David Blecken
Apr 17, 2013

F5Digital founder claims to be victim of fraud; revises company structure

SINGAPORE – Gregory Birge (pictured), the founder and president of F5Digital Group, a Singapore-based marketing consultancy, has accused certain former staff members of fraud directed against the company while in its employ.

Birge: alleges that fraudulent activities devalued his company
Birge: alleges that fraudulent activities devalued his company

Birge said the Singapore authorities were currently investigating his allegations. The former staff of 35 (not all of whom are suspected by Birge of fraud or any other illegal activity) have left the agency in Singapore, although F5Digital retains a team in the Philippines.

Birge claims that the suspected fraudulent activities that took place 12 to 18 months ago interfered with otherwise strong revenue growth and brand value, ultimately lowering the worth of the company.

"Each individual who [is suspected to have been involved in] any of the events that happened over the past year has been reported to the authorities," Birge said.

As a result of the alleged criminal acts, operations at the company were adversely affected, Birge said. He expressed regret to clients that might have been impacted by the proceedings and for delayed payment to suppliers as a result of the situation. He explained that he planned to stabilise F5Digital and resume operations with a new approach.

The revised structure includes the formation of a new entity, G-Birge, which offers a combination of intellectual property, marketing, digital, gaming and business consulting and connection to a network of influential external individuals, known as Les Pleiades, in the fields of business and entertainment. F5Digital would continue to play a role in terms of implementation of strategy, he said, noting that the service would also aim to provide support to agencies. Birge said he would not be looking to replace the staff who had left the company, but would operate as an individual, outsourcing production as necessary and drawing on the support of external partners.

A former senior staff member of F5Digital had not responded to Campaign Asia-Pacific’s request for comment at press time. Campaign Asia-Pacific made contact with a representative from the Singapore Police Force, but the representative declined to issue an official statement on the proceedings.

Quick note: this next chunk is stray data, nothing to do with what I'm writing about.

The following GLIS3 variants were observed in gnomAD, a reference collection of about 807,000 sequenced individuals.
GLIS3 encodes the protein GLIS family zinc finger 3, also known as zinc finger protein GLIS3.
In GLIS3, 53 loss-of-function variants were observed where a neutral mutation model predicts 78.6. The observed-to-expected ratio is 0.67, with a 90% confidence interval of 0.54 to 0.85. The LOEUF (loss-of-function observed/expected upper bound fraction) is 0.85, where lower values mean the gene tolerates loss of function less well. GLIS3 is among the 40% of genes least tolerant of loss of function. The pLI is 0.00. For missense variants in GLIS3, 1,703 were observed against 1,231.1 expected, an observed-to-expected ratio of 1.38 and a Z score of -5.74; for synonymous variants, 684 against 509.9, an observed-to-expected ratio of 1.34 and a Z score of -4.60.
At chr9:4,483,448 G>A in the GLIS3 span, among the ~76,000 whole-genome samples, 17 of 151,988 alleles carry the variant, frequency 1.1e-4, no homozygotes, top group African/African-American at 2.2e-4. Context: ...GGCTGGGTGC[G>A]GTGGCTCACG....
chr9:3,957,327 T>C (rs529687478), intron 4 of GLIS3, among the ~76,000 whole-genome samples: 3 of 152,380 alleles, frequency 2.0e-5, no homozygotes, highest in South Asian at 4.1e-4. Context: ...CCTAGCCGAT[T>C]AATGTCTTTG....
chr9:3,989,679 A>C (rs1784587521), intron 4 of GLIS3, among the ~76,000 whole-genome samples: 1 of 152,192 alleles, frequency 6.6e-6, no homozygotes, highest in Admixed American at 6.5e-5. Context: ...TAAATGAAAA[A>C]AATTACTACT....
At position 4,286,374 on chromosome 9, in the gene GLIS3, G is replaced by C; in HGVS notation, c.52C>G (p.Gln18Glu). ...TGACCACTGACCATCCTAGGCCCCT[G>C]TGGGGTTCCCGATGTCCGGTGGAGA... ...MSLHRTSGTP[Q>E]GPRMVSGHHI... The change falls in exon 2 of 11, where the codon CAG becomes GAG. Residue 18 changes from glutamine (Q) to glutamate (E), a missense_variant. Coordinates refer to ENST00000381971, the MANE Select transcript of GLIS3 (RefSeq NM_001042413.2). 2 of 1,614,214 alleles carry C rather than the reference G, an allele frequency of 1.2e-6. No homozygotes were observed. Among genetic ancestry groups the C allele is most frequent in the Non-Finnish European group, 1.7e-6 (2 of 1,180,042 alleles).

Birge claimed that the suspected illegal activities included the falsification of documents, misappropriation of his signature and password to sign unapproved invoices and award salary increases, and the unauthorised sale of company assets.

He added that new business opportunities had also been declined without his knowledge and that there had been an unusually high level of transactions for “simple projects”. He noted that a number of incongruent payments in US dollars appeared to have been made in Singapore, the reasons for which he was still investigating. He said he had lost control of “a lot of electronic servers” and was discovering the apparent use of unapproved external services “every day”.

He said that the alleged fraud took advantage of his having recently been diagnosed with attention deficit hyperactivity disorder (ADHD) and described it as the work of an “organised team”. He denied that poor business practice on his part had been a factor in the situation.

He said the situation came to light through a due diligence process during discussions with a potential partner between December 2012 and January 2013. Birge did not disclose the name of the company, but said that matters "did not conclude positively" when F5Digital’s forecast revenue for 2012 was significantly lower than expected and a decrease on the previous year, despite the company having recorded steady year-on-year growth since its formation in 2007. He said that as a result of the due diligence process he had taken the decision not to approve the 2012 P&L figures and to “recalculate to represent proper potential”.

Birge is a former general manager of Wunderman Singapore, where he was also the regional lead for the agency’s Microsoft account. He left the agency in June 2007.

Source:
Campaign Asia

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